labor America Has a Permanent Temp Worker Problem
In the waiting room of an employment agency in Queens, laborers gather to be dispatched to warehouses and factories in New Jersey and upstate New York. Only their names are recorded before white vans arrive and the workers step in, cramming into seats and crouching on the floor to be transported to the day’s job. The job might last a day or two, and the agency acts as the workers’ employer. It deducts transportation costs and the fees it charges for the job from their paychecks, which they provide.
Other types of employment agencies record the skills and personal information of workers before attempting to arrange a more permanent position for them. In this situation, the agencies make money through some combination of a charge to the worker or a charge to the business client for supplying labor.
Once called an intelligence office, this type of hiring agency helped launch the at-will employment relationship in feudal Europe and one of the oldest newspapers in the world, La Gazette, which began in Paris in 1630 by advertising the skills of servants. During the British Empire, intelligence offices proliferated in London as they supplied the unemployed and migrants to colonies as servants, to emerging industries, and to crew on colonial ships. In colonial New York, intelligence offices mimicked the English prototype and, after independence, grew to supply nearly every type of worker, including slaves.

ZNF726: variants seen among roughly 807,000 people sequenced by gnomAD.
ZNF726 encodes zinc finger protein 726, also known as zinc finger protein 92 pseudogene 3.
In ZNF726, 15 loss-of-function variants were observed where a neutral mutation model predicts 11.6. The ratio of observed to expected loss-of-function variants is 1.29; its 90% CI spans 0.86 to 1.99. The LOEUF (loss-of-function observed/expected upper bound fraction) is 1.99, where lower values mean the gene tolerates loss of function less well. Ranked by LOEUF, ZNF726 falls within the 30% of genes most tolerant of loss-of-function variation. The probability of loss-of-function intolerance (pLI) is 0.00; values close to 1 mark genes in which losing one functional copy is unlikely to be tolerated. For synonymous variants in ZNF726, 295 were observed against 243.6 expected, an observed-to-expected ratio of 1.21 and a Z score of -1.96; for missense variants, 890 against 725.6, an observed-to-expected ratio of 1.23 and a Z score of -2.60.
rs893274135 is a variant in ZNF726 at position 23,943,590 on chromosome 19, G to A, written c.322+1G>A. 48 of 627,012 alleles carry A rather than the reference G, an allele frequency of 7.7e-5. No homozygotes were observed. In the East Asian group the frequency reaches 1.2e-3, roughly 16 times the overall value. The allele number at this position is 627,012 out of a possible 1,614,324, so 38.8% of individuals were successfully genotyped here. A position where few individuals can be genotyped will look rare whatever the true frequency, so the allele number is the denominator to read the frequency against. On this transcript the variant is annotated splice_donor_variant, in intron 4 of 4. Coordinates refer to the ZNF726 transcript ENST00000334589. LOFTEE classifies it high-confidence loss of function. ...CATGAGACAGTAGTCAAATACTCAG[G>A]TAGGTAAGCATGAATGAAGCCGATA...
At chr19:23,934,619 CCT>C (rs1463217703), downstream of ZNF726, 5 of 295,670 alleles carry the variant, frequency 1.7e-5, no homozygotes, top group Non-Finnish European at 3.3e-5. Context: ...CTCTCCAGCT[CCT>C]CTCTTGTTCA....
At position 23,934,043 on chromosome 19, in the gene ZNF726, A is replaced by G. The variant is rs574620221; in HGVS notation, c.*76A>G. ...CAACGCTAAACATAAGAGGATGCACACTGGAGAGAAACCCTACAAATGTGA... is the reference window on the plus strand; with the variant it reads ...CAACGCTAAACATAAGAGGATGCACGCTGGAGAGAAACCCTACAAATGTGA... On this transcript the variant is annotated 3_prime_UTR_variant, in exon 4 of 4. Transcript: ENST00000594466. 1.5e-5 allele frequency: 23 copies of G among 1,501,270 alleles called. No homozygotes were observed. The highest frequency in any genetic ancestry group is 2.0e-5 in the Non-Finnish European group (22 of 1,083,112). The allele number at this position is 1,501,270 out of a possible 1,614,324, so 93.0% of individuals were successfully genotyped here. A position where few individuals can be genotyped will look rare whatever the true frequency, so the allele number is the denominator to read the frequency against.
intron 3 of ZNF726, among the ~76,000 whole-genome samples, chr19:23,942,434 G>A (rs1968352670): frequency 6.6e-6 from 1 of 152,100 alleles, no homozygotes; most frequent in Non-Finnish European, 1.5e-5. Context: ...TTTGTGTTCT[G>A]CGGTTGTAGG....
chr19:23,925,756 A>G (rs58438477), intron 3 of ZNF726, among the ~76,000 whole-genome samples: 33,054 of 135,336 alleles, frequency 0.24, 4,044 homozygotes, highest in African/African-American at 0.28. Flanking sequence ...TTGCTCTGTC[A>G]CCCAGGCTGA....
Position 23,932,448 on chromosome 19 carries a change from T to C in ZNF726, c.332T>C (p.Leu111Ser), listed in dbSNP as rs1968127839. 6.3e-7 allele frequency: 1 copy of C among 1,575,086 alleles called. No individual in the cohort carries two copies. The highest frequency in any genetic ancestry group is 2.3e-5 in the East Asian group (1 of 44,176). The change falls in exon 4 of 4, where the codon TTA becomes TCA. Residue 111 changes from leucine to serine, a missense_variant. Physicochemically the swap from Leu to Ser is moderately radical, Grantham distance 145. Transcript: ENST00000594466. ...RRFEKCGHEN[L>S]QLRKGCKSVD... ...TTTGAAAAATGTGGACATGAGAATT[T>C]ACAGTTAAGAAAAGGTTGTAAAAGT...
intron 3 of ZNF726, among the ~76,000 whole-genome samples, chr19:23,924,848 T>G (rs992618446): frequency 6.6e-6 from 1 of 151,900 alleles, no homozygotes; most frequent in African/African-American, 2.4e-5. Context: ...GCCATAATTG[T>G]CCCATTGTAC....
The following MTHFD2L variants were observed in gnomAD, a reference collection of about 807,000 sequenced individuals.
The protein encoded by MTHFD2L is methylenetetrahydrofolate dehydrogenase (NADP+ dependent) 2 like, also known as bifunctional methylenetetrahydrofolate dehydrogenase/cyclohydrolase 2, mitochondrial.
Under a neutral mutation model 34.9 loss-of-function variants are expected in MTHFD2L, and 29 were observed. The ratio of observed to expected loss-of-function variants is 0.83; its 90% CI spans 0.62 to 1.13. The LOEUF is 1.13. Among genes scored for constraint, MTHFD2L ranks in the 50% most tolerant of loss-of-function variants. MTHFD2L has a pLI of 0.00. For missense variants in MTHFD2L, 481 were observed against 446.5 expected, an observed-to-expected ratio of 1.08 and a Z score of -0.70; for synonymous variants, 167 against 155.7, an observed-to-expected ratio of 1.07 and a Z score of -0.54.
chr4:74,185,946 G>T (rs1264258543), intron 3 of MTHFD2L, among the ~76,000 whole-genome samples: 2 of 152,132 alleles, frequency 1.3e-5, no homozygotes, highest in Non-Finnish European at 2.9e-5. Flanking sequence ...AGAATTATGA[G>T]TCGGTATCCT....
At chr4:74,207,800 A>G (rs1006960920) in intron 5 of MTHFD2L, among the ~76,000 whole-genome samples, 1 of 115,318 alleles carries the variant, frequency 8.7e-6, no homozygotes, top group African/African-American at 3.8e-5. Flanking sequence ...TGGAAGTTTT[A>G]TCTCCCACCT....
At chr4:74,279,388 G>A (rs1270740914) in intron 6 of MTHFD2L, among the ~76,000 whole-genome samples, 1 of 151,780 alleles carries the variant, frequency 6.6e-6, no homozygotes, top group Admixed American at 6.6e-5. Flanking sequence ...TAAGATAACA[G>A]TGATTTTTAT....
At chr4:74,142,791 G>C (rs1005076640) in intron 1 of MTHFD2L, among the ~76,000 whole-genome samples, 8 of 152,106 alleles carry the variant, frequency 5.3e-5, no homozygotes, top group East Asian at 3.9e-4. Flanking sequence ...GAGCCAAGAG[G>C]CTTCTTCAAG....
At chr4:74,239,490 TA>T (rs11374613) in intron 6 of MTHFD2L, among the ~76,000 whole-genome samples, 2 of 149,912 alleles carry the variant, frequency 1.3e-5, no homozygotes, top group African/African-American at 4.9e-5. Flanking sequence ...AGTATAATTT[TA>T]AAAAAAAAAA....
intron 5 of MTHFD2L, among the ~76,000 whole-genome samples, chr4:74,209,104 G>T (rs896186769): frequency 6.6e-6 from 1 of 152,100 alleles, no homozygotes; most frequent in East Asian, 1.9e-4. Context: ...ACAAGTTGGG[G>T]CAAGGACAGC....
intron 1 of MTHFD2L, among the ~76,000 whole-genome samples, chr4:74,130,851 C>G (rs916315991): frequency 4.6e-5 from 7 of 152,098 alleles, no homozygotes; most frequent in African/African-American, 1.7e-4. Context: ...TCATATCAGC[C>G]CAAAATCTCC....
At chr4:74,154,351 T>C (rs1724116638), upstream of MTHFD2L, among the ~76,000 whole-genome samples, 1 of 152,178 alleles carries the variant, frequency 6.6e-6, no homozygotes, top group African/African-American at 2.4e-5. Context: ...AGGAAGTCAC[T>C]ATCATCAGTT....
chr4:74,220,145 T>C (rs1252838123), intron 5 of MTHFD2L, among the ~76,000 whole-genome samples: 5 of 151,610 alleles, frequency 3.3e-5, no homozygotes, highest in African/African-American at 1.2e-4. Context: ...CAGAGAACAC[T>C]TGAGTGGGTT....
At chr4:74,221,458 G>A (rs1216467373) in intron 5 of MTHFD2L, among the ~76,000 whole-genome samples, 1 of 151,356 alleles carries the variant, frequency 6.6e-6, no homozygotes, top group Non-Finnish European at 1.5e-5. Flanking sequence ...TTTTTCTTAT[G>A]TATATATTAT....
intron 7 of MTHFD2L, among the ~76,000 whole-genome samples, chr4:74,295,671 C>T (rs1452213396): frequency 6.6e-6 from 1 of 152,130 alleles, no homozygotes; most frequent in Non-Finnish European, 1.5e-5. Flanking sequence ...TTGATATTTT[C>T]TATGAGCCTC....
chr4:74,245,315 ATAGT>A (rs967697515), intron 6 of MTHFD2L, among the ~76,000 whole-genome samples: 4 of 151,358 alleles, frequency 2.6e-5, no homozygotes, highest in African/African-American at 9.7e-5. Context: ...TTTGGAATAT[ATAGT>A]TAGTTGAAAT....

Immigrants have always depended on this type of hiring agency. In fact, Castle Clinton in Battery Park, which was the depot for immigrants arriving in New York before Ellis Island opened in 1890, housed an intelligence office on site. There were many intelligence offices in lower Manhattan in that era. They awaited the arrival of ships loaded with immigrants in search of work. Much like today, they’d dispatch workers to a job for a fee. Perhaps more often than today, they’d swindle workers into unsavory employment relationships.
Agencies that act as employers rather than middlemen became more popular after World War II. They promise to provide workers to businesses on-demand and for temporary periods, without the client having to endure the costs of processing payrolls, workers’ compensation insurance, retirement benefits and health insurance.
In the 1990s, with the goal of promoting “flexible” employment and production, both President Bill Clinton and Federal Reserve chair Alan Greenspan backed policies that allowed these agencies to flourish. Many became publicly traded, global corporations, part of a temporary-help industry that today generates $450 billion in annual revenue, the lion’s share of it in the United States.
In 2018, according to the American Staffing Association, temporary-help companies supplied more workers to U.S. businesses than ever before: 3.28 million per week, 16.8 million annually. Meanwhile, the average length of their job assignments ticked down to ten weeks, likely the result of an increasingly flexible economy dependent on a host of new staffing firms, including many who operate through online apps.
The staffing industry’s lobbying power has grown too, helping ensure that “flexible” employment policies remain the law of the land. It is thanks to these lax labor regulations that I was able to cram into vans in Queens and land on factory floors upstate and in New Jersey, where I manufactured and packaged goods with hundreds of other temps without one factory manager knowing my name.